Reference : Training early Alzheimer patients to use a mobile phone
Scientific journals : Article
Human health sciences : Neurology
http://hdl.handle.net/2268/62018
Training early Alzheimer patients to use a mobile phone
English
Lekeu, Françoise [Centre Hospitalier Universitaire de Liège - CHU > > Neurologie Sart Tilman >]
Wojtasik, Vinciane [Centre Hospitalier Universitaire de Liège - CHU > > Neurologie Sart Tilman >]
Van der Linden, Martial [Université de Liège - ULg > Département des sciences cognitives > Psychopathologie cognitive >]
Salmon, Eric mailto [Université de Liège - ULg > Centre de Recherches du Cyclotron - Département des sciences cliniques > Neuroimagerie des troubles de la mémoire et révalid. cogn. > > >]
Sep-2002
Acta Neurologica Belgica
Acta Medica Belgica
102
3
114-121
Yes (verified by ORBi)
National
0300-9009
Brussels
Belgique
[en] cognitive rehabilitation ; Alzheimer's disease ; spaced-retrieval ; errorless learning ; daily living activities
[en] The mobile phone may be useful to keep in contact with spatially disoriented and memory impaired patients. In keeping with this idea, this study describes the training program developed to teach two patients with mild Alzheimer's disease (CI and ML) how to use their own mobile phone. Each training session was divided into two parts. In the first part, the spaced-retrieval technique was used to promote the consultation of a card pasted on the back of the phone. The card detailed each stage of phone utilization and which keys had to be pressed to call somebody. In the second part, the patients received repetitive exercises of calling based upon the errorless learning principle. At the end of three-months rehabilitation, the results showed different learning patterns for the patients. ML needed more spaced-retrieval sessions to spontaneously consult the card and to correctly use the phone, compared to CI However, by the repetition of calling exercises, both patients showed a decrease of instruction card consultation, whereas they were still able to correctly call somebody. This learning ability is hypothesized to be a consequence of a relatively preserved procedural memory in both patients. In conclusion, this study highlights the effectiveness of combined specific learning techniques for improving AD patient's autonomy in daily life activities.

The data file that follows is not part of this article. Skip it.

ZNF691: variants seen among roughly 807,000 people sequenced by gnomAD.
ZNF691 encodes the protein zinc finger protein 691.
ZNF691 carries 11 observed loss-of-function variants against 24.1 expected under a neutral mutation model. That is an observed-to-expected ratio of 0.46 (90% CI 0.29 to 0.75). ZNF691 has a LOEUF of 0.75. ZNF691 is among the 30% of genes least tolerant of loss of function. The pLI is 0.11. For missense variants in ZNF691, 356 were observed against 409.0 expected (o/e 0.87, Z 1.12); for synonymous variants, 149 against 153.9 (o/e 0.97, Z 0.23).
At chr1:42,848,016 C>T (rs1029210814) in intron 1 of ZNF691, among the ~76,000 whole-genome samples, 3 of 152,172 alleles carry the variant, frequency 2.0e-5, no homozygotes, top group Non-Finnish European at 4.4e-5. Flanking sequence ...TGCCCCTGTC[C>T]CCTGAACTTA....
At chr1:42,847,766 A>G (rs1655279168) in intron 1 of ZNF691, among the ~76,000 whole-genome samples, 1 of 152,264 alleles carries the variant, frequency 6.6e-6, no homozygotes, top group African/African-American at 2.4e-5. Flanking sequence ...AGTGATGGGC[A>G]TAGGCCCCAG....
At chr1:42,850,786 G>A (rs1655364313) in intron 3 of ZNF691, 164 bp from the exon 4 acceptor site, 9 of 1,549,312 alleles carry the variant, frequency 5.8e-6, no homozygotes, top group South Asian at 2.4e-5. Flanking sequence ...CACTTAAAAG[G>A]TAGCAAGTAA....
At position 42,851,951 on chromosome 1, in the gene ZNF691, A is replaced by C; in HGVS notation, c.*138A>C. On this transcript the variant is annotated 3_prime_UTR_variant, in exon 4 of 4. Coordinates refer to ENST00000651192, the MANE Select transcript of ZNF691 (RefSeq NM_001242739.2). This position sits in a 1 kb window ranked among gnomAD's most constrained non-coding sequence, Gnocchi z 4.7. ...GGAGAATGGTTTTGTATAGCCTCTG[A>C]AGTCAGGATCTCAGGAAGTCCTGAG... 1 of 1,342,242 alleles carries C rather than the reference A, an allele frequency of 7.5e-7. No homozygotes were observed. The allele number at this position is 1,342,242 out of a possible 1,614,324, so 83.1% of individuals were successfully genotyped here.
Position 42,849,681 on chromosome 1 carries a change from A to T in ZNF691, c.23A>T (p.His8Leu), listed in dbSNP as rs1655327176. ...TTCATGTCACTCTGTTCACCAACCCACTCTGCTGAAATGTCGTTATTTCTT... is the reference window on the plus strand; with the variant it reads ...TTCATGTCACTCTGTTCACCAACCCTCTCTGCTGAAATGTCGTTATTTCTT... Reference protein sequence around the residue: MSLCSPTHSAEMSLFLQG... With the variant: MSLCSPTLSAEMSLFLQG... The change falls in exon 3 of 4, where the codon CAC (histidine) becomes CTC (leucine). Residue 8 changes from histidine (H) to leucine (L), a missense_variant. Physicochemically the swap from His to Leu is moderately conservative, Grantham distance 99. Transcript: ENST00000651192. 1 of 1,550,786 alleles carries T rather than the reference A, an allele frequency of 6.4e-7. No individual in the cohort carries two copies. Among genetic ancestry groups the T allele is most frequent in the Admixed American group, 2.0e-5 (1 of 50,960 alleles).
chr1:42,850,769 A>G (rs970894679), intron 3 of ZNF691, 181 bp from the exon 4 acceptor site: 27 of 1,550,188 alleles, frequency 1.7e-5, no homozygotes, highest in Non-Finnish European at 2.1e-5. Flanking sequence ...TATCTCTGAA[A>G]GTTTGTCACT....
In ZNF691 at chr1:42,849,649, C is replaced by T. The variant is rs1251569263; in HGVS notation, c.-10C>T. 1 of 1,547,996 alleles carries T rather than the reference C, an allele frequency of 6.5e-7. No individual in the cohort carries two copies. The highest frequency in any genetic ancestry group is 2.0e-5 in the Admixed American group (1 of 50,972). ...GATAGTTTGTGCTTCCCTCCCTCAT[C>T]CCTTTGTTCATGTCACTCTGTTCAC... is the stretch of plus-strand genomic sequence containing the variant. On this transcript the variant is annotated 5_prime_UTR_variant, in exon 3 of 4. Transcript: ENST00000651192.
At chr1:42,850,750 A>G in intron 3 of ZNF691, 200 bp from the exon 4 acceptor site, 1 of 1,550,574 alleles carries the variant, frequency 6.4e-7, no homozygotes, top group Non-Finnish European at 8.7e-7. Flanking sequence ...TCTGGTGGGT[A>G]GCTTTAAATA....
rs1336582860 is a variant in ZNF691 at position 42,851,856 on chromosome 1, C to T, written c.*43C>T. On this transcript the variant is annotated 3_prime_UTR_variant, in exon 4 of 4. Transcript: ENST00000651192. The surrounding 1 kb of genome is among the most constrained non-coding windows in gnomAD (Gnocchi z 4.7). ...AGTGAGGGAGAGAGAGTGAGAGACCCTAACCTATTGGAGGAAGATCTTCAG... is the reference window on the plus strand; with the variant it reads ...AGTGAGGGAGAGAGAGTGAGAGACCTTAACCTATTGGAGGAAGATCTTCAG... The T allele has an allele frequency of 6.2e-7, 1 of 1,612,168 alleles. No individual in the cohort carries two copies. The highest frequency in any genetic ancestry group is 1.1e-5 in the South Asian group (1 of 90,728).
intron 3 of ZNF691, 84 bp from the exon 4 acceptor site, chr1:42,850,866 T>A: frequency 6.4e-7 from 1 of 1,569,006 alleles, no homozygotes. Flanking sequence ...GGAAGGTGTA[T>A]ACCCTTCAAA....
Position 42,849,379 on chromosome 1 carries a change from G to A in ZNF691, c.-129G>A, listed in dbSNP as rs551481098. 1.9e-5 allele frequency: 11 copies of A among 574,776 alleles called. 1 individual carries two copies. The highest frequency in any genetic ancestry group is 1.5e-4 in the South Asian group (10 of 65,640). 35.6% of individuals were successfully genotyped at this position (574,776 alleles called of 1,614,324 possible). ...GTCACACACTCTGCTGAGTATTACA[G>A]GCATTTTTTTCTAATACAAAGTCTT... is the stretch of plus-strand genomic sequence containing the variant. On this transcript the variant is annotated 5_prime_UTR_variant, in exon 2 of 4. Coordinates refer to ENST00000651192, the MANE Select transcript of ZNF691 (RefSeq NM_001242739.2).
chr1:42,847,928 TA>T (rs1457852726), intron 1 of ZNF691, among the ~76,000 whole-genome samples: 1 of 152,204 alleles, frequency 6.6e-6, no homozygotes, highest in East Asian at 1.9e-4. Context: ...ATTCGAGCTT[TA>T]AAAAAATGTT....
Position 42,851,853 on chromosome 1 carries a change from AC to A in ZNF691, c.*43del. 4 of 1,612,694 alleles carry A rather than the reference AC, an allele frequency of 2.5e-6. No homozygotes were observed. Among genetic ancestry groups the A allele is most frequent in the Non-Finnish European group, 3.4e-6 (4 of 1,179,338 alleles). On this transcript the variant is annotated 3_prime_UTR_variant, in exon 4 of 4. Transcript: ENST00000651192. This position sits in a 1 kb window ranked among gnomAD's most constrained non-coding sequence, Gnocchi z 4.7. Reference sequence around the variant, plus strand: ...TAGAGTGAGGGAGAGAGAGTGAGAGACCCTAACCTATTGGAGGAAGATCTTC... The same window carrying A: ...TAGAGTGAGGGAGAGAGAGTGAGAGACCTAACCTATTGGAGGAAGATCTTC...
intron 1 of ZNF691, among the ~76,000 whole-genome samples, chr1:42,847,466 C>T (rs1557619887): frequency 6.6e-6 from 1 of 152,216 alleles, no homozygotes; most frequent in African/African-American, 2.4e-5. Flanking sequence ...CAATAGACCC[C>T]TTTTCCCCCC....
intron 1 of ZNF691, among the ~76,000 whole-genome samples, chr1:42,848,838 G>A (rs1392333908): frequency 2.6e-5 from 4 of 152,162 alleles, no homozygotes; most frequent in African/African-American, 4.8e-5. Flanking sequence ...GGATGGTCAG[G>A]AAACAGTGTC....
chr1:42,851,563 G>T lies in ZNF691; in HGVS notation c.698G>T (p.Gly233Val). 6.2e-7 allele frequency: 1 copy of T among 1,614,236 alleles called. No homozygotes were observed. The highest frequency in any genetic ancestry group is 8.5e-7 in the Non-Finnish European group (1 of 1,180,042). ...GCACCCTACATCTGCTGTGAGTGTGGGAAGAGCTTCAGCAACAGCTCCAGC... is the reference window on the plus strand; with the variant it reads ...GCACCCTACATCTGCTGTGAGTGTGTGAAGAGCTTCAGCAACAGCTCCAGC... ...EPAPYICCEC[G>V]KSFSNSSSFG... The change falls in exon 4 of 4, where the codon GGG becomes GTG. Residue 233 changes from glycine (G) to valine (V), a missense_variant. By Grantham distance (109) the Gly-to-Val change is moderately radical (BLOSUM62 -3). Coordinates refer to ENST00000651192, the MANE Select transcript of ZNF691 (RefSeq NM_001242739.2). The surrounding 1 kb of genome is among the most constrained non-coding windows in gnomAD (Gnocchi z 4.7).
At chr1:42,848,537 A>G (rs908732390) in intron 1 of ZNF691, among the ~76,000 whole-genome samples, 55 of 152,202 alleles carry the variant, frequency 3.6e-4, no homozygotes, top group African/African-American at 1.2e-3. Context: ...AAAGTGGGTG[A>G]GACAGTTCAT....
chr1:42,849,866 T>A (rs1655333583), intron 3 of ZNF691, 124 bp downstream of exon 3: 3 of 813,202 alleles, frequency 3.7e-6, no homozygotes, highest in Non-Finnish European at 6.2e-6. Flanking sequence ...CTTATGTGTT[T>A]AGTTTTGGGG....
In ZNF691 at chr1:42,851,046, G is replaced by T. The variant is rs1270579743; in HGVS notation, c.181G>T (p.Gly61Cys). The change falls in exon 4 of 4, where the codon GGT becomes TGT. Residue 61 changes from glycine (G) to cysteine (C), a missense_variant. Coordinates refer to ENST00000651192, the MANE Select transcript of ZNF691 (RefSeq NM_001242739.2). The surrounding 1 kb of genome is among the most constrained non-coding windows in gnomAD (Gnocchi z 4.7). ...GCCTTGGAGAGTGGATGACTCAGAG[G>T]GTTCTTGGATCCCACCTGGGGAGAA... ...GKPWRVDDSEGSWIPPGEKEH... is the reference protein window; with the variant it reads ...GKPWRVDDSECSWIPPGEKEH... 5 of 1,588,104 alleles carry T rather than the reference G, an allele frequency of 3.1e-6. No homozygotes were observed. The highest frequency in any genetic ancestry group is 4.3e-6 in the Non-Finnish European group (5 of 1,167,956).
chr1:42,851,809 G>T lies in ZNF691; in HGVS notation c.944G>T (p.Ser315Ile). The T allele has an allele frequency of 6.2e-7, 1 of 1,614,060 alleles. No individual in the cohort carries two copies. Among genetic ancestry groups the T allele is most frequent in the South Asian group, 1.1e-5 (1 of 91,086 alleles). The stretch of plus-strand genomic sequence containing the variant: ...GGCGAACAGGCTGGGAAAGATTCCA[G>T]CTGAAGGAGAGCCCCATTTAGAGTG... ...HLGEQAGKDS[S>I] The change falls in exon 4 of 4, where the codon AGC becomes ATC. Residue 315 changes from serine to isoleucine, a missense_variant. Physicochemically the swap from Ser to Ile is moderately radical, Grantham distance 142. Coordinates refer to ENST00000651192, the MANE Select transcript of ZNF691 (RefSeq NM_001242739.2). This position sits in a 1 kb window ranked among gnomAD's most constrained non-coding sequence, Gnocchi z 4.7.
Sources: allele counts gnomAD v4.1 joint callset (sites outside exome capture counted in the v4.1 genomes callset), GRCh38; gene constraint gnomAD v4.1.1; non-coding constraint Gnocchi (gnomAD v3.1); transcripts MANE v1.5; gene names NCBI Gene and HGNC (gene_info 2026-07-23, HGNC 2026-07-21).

http://hdl.handle.net/2268/62018

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